The unthinkable is happening. What now?

The United States is poised to round up and deport as many as 11 million hard-working, tax-paying, property-owning, and child-rearing immigrants who happen to be undocumented. Before the election, I was told I was fear-mongering. Candidate Donald Trump would never do such a thing. He was just campaigning, not governing. The Republicans would never allow it. They would lose their foothold on Hispanic voters. Agribusiness would object. Who’d to pick the crops? Rural towns would resist. Deportation would decimate their tax bases. Well, it is happening.

Jewish leaders oppose Trump’s executive order on immigration

We, the undersigned Jewish Federations throughout the State of Connecticut, along with JFACT (Jewish Federations Association of Connecticut) and the Anti-Defamation League of Connecticut, oppose President Trump’s Executive Order barring many refugees and immigrants from entering the United States. President Trump’s Executive Order, issued on Friday, January 27, bans any refugees from entering the United States for 120 days; suspends indefinitely any Syrian refugee resettlement; and bans nationals from Iran, Iraq, Libya, Somalia, Sudan, Syria, or Yemen for any reason for 90 days. Judaism instructs, repeatedly and unambiguously, that we are forbidden from oppressing the stranger. The Bible states no less than 36 separate times that we are obligated to care for the stranger in our society.

Conservative jurisprudence will stymie Trump’s immigration order

The day after the election of Donald Trump, I heard news reports around the state of panicked schoolchildren. These sons and daughters of undocumented immigrants believed mistakenly that with the rise of Trump came the imminent deportation of their parents. It was awful to hear. I felt a personal failing. We in the media are charged with informing the citizenry so the citizenry can chose the best leader. We failed at that, clearly, but we also failed to explain how government works. What these panicked youth did not understand is that the president is not a king.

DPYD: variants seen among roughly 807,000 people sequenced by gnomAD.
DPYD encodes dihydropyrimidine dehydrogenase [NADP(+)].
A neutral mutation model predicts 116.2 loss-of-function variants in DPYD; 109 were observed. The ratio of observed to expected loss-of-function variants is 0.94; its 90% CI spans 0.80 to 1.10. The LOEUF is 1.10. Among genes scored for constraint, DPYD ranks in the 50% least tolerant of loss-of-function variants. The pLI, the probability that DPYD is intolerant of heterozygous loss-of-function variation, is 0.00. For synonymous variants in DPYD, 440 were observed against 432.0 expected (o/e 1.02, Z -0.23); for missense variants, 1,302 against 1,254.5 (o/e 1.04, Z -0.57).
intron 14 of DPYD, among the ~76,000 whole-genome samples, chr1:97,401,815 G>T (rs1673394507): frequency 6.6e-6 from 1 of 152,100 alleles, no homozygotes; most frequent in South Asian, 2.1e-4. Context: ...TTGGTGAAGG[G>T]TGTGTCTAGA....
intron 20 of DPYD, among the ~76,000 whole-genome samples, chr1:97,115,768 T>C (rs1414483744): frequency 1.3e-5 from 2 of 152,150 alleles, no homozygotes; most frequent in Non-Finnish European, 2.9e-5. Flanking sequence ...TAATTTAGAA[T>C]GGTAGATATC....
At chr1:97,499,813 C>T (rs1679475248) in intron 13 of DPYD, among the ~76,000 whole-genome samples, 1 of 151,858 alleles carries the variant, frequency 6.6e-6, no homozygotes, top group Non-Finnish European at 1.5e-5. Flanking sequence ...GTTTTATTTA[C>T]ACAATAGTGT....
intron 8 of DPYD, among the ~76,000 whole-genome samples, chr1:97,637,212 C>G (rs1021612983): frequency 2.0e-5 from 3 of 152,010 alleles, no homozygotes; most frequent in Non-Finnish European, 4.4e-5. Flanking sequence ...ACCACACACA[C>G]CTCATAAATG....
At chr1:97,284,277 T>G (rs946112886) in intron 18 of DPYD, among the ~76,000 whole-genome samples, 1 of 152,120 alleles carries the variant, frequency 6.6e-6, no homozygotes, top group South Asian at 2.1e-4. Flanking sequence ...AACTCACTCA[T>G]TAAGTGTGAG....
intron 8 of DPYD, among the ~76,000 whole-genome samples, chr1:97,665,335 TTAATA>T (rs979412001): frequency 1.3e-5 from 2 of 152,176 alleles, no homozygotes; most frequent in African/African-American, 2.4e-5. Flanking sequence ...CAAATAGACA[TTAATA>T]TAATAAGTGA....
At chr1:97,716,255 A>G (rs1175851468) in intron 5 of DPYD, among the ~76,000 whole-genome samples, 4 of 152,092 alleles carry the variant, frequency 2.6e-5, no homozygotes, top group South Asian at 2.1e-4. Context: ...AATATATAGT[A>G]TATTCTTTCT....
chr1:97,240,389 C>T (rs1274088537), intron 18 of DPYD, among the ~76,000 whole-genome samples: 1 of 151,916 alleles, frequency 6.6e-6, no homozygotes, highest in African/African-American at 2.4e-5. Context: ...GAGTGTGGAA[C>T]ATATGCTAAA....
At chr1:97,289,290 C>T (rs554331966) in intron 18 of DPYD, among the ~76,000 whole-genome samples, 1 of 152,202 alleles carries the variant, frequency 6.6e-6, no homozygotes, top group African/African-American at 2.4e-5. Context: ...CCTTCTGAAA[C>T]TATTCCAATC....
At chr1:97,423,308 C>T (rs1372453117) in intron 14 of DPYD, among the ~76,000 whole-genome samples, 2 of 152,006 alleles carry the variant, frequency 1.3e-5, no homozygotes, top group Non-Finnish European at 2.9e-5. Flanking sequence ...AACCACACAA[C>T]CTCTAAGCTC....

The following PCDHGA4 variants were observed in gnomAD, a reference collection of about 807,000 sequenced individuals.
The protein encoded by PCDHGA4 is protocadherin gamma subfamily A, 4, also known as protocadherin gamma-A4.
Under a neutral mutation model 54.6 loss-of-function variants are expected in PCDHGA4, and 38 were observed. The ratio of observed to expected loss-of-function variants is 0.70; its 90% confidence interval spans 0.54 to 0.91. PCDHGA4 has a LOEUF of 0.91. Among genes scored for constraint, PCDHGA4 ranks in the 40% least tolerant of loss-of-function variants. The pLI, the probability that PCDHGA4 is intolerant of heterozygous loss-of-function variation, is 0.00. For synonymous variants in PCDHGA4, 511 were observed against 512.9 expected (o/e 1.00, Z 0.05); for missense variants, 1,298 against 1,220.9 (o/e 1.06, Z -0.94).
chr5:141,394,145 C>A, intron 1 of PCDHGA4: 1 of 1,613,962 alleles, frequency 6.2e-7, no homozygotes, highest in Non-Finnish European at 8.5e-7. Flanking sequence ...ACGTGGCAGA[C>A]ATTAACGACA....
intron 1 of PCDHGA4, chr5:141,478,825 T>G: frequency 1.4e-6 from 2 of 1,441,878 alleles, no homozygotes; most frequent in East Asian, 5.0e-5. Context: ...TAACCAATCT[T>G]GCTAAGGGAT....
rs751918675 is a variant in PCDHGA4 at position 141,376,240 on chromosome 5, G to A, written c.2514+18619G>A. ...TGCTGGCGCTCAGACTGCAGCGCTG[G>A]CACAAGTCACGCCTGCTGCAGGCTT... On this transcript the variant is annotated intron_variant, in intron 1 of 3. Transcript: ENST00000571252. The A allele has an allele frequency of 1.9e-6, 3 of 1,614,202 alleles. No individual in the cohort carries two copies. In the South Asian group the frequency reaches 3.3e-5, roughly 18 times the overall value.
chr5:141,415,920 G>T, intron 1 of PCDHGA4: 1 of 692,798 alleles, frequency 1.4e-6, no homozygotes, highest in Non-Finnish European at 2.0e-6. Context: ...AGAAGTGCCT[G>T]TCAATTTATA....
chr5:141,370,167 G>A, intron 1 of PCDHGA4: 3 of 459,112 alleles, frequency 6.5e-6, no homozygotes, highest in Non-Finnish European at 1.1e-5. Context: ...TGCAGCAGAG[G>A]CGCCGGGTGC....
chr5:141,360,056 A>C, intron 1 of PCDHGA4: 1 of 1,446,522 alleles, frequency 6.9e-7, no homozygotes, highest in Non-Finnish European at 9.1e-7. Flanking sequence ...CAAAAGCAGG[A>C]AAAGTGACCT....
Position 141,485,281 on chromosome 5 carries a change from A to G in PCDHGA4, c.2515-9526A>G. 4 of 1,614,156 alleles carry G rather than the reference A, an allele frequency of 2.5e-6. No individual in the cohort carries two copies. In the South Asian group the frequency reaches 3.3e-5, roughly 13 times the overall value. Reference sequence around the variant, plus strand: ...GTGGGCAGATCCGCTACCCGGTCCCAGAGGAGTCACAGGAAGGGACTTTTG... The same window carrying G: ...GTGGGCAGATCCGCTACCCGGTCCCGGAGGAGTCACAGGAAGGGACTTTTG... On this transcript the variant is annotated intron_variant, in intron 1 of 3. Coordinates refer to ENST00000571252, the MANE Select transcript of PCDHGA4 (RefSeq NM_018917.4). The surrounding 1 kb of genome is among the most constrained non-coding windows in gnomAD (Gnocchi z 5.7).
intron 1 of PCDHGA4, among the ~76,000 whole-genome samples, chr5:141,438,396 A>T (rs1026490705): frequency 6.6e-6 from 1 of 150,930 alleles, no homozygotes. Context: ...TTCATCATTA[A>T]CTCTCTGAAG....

Connecticut college presidents: Support the federal BRIDGE Act

I am writing to you and the entire Connecticut Congressional delegation to request your support for the bipartisan Bar Removal of Individuals who Dream and Grow our Economy (BRIDGE) Act which was reintroduced in the Senate yesterday, with companion legislation expected in the House. As you know, Connecticut believes in accessible and affordable public higher education for all of our citizens, including those who are undocumented.

CT Muslims and ex-Islamophobe unite to counter extremism

Our new brothers Dr. Jeffrey Cohen and Ted Hakey Jr., a former marine, are thrilled to join this year’s Jalsa Salana USA alongside myself, Dr. ​Mohammed ​Qureshi, our families, and the entire Ahmadiyya Muslim Community CT from Baitul Aman “House of Peace” Mosque in Meriden. In a world exuding hatred, strife, and bloodshed, we sorely look forward to being a part of another moving demonstration “love for all, hatred for none,” and hope to bring that promising remedy to the rest of Connecticut.

Malloy, Obama visit mosques, and you’re invited to do the same

Just last November, hundreds of our esteemed compatriots including Gov.Dannel Malloy, U.S. Rep. Elizabeth Esty, and Mayor Kevin Scarpati of Meriden visited our Baitul Aman “House of Peace” Mosque in Meriden. Together we demonstrated how through solidarity and by supporting peace-loving communities and their rightful freedoms we can build bridges and establish fruitful connections. You are invited to do the same.

A Connecticut Muslim’s reflections from the State of the Union

As I sat in the gallery of the House Chamber at the United States Capitol, I soaked in what was about to commence; the State of the Union address by President Barack Obama. Elevating the eminence of the epic experience was the fact that this would be his last. I reflected on how unlikely it was that I, just a common resident of Eastern Connecticut, was sitting in this auspicious historic hall that looked strikingly different from what appears on television.

Connecticut’s immigrant ‘crisis’ not its first

The good people of Connecticut are terrified that society will be overrun by the dangerous, ignorant foreigners and their strange religion. Politicians fan the flames of prejudice to increase their personal popularity with voters. Editorial cartoonists depict these immigrants as less than human, with animal-like features. Sometimes the caricatures show the foreigners with weapons, including bombs, primed for use against innocent civilians. This scenario sounds like today’s Muslim refugees from Syria, but it’s not. It was the life of the immigrant Irish of the 1850s.